Get Ready! Increased Salary Basis Effective Jan. 1, 2020
Today's guest blog comes from Mimi Soule, Managing Partner | Management Advisor of Soule Employment - Law Firm.
The DOL recently issued its final ruling on new changes to certain white collar exemptions. As many of you are aware, generally, all employees are non-exempt and eligible for minimum wage and overtime pay unless their position can be classified as “exempt” under federal law and applicable state law where the employee is performing services. The DOL has just updated some of the federal exemptions – primarily impacting employees who may be classified under the executive, administrative, professional and highly-compensated employee exemptions.
What does the new rule change?
It increases the salary basis from $455.00 per week to $684.00 per week (or $35,568 per year);
For highly compensated employees, the current required compensation increases from $100,000 per year to $107,432 per year;
It confirms a commitment to periodically review the salary threshold;
It allows employers to use non-discretionary bonuses and incentive payments (including commissions) paid annually (or more frequently) to satisfy up to 10% of the salary basis;
It revises the special salary levels for workers in U.S. territories and the motion picture industry; and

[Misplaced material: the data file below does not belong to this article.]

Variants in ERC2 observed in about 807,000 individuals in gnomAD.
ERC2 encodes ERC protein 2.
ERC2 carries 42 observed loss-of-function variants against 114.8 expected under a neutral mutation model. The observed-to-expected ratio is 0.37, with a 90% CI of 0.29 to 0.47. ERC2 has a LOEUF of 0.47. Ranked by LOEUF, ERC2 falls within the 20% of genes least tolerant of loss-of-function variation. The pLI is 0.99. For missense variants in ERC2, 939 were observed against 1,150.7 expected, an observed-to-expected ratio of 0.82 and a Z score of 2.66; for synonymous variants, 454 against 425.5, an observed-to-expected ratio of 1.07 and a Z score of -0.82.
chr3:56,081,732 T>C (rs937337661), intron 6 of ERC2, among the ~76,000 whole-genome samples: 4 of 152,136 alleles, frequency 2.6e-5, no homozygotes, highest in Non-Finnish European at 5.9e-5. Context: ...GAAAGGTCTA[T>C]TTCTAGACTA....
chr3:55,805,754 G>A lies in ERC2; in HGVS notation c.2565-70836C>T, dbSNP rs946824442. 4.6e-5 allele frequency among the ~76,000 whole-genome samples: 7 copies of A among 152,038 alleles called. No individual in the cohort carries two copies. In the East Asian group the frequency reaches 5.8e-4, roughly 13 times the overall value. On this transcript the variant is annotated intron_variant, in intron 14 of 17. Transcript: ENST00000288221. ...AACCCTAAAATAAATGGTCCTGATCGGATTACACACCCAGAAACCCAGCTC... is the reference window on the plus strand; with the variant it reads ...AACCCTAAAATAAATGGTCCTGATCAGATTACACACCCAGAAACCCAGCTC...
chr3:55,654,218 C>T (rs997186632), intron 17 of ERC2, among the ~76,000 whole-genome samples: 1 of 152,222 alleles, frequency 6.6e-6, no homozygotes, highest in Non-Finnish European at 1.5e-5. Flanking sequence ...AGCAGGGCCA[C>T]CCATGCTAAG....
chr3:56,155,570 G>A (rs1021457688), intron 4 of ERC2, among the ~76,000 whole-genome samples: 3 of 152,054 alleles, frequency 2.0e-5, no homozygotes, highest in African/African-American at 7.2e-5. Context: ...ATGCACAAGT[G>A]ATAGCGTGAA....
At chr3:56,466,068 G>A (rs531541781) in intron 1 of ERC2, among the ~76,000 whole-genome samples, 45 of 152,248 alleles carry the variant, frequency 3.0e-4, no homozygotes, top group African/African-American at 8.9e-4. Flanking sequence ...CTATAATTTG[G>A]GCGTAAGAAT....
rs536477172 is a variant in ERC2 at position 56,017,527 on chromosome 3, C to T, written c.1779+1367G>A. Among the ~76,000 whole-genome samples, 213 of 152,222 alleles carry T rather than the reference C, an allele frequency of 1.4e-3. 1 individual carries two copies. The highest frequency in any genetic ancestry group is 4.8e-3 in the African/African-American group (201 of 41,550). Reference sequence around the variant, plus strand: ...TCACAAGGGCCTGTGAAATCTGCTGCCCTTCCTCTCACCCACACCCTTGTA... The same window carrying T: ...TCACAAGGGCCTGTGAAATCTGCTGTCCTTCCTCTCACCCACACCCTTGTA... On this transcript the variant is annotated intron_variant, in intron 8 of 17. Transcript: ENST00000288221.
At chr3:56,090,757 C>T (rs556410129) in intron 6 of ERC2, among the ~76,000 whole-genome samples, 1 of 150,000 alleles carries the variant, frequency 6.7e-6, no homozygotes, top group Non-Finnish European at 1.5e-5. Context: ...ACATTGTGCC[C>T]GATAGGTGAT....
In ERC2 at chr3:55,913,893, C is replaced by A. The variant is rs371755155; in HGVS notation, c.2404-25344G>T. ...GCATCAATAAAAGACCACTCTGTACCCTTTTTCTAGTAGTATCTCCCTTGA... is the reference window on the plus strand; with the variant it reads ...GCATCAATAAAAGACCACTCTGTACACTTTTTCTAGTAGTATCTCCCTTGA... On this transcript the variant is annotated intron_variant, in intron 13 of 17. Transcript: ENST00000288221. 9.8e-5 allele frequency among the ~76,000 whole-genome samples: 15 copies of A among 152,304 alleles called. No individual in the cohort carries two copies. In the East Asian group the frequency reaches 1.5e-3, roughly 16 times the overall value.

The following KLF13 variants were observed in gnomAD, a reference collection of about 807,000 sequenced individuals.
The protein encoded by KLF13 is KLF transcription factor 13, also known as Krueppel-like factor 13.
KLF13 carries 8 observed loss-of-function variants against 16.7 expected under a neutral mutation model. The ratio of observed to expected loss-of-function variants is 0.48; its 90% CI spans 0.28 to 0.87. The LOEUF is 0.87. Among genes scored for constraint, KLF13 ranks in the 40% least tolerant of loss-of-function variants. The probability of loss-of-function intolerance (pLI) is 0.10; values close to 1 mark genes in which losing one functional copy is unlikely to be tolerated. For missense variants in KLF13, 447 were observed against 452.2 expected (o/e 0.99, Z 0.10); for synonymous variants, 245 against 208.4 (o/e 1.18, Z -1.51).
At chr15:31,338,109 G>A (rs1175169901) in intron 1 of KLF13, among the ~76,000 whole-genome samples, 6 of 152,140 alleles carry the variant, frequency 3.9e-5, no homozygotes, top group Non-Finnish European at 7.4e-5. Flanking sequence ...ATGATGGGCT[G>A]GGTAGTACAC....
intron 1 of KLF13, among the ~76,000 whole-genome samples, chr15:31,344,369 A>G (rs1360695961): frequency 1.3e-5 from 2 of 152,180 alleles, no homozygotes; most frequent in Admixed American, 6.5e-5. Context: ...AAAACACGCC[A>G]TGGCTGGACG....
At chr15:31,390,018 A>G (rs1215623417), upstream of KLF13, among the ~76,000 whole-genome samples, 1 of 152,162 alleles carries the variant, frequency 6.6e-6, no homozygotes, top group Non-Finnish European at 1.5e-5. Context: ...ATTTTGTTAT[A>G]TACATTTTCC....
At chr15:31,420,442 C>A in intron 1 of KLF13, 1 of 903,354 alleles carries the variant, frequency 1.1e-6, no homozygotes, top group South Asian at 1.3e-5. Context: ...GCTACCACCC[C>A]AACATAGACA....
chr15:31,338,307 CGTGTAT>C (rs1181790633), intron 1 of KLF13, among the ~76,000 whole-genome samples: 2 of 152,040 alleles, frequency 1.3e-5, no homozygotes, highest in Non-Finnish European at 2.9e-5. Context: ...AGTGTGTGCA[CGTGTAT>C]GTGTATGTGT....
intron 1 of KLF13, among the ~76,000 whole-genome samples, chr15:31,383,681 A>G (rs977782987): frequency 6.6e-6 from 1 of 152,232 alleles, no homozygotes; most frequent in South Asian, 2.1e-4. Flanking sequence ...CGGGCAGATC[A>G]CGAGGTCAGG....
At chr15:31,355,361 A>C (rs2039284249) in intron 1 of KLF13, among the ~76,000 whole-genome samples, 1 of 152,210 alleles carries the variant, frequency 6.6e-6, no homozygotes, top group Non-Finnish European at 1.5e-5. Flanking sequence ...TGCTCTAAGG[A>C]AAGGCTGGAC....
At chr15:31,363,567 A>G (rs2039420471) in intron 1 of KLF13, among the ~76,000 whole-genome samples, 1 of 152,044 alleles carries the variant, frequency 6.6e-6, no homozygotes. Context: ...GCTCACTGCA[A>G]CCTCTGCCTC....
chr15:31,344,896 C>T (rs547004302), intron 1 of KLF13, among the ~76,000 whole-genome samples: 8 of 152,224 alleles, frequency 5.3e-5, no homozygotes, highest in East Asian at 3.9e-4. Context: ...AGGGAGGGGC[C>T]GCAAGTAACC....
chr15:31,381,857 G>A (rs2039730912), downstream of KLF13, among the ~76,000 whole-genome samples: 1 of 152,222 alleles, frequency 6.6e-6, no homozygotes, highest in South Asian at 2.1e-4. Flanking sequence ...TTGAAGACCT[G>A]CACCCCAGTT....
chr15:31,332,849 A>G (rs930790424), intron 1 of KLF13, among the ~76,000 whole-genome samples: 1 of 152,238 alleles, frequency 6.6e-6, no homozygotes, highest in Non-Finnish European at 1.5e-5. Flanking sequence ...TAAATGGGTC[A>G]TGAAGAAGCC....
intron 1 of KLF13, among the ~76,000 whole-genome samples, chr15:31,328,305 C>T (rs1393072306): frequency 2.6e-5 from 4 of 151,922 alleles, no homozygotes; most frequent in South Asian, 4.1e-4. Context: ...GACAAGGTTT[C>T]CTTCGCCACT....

It confirms that there are no changes to the required duties tests for the impacted exemptions.
When do the changes take effect?
The DOL rule takes effect on January 1, 2020.
What is your homework?
First, we would suggest that you start by analyzing whether your employees are properly classified as “exempt” employees under the impacted exemptions and currently meet the duties requirements of the applicable exemption(s). Note that classifying an employee as “exempt” is a legal test and may require reviewing DOL opinion letters and court decisions to confirm proper classification.
Second, conduct a cost analysis of the potential increase in wages required by the new rule.
Third, work with your legal team to discuss any employment changes and strategies to reduce possible cost.
This may seem like deja vu for many employers after a similar rule change threatened to take effect in 2016. For a brief history lesson, check out our previous blog article HERE.
For more information, please see the DOL’s fact sheet on this new rule or contact the Firm with any questions.
Mimi left traditional employment litigation practice and established Soule Employment Law Firm to focus on providing business owners and managers with practical advice to help avoid costly litigation. She now focuses her practice on providing employment law and human resources compliance advice, preparing employment-related contracts, and defending employers against administrative claims.
As a business owner herself, Mimi understands the importance of budgeting expenses – especially legal costs. Accordingly, the Firm offers the majority of its legal services on a fixed-fee or project-fee basis.
Managing Partner|Management Advisor Soule Employment - Law Firm